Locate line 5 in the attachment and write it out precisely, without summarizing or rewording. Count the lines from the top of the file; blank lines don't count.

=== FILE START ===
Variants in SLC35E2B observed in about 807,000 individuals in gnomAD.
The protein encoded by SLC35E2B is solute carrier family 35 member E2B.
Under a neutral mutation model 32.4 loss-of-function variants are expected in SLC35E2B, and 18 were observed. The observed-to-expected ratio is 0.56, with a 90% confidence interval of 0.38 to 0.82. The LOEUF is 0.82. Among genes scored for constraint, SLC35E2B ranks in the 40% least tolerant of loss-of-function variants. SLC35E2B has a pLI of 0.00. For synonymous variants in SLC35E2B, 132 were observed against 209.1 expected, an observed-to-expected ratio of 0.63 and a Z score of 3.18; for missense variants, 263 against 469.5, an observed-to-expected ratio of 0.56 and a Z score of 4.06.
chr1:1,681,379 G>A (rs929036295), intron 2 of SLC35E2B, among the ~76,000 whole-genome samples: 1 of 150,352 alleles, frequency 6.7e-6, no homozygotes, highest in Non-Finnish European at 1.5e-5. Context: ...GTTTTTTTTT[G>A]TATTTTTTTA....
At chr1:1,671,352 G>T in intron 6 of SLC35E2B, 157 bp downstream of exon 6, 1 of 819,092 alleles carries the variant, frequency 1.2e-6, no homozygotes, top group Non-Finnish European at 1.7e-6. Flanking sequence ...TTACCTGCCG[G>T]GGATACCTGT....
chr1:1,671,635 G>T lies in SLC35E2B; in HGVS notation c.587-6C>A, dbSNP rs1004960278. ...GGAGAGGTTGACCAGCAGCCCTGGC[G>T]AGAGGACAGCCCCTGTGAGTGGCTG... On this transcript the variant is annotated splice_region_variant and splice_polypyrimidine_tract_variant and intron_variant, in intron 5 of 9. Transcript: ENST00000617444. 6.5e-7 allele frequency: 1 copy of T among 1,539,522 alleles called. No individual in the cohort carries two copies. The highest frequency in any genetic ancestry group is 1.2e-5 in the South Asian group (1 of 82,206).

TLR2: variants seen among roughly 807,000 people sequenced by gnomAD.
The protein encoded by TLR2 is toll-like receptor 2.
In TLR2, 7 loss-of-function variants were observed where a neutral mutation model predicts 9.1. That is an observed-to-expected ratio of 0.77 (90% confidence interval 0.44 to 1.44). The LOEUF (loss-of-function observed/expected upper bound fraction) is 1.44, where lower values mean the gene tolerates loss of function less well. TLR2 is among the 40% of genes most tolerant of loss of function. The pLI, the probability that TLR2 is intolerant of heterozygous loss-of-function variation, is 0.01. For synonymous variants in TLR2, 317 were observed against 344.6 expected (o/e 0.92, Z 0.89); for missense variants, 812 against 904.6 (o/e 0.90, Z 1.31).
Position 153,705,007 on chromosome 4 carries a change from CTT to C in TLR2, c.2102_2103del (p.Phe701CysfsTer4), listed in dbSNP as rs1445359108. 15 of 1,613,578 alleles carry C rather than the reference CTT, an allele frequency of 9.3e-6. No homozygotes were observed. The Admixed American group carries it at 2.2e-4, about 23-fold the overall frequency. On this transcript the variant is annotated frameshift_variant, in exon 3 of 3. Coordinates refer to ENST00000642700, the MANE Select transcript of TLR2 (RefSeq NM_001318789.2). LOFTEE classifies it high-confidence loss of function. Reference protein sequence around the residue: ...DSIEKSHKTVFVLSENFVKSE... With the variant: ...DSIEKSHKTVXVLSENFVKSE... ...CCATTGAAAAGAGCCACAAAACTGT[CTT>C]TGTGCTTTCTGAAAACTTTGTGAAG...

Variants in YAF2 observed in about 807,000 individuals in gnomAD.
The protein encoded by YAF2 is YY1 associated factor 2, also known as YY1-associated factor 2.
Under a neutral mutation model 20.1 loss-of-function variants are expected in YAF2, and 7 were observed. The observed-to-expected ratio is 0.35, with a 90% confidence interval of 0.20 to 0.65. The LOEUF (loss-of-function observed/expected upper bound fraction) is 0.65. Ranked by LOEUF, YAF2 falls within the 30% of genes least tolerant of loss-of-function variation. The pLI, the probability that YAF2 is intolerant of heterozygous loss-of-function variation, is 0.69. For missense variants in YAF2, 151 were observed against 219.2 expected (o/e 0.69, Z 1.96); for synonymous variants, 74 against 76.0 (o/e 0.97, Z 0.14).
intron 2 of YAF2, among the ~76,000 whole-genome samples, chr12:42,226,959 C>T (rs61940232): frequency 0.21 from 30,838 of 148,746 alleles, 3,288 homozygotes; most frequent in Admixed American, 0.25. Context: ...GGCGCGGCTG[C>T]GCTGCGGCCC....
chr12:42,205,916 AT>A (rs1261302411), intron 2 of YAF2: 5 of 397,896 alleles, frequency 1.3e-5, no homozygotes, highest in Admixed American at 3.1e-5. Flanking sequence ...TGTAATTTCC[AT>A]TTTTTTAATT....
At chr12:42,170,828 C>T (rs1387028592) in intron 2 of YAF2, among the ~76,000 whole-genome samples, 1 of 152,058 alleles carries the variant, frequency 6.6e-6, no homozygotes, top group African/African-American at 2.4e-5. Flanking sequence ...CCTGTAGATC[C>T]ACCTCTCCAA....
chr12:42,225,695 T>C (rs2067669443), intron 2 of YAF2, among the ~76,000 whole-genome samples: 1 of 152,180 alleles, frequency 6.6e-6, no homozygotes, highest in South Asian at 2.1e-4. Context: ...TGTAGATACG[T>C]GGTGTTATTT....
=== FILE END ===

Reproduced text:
At chr1:1,671,352 G>T in intron 6 of SLC35E2B, 157 bp downstream of exon 6, 1 of 819,092 alleles carries the variant, frequency 1.2e-6, no homozygotes, top group Non-Finnish European at 1.7e-6. Flanking sequence ...TTACCTGCCG[G>T]GGATACCTGT....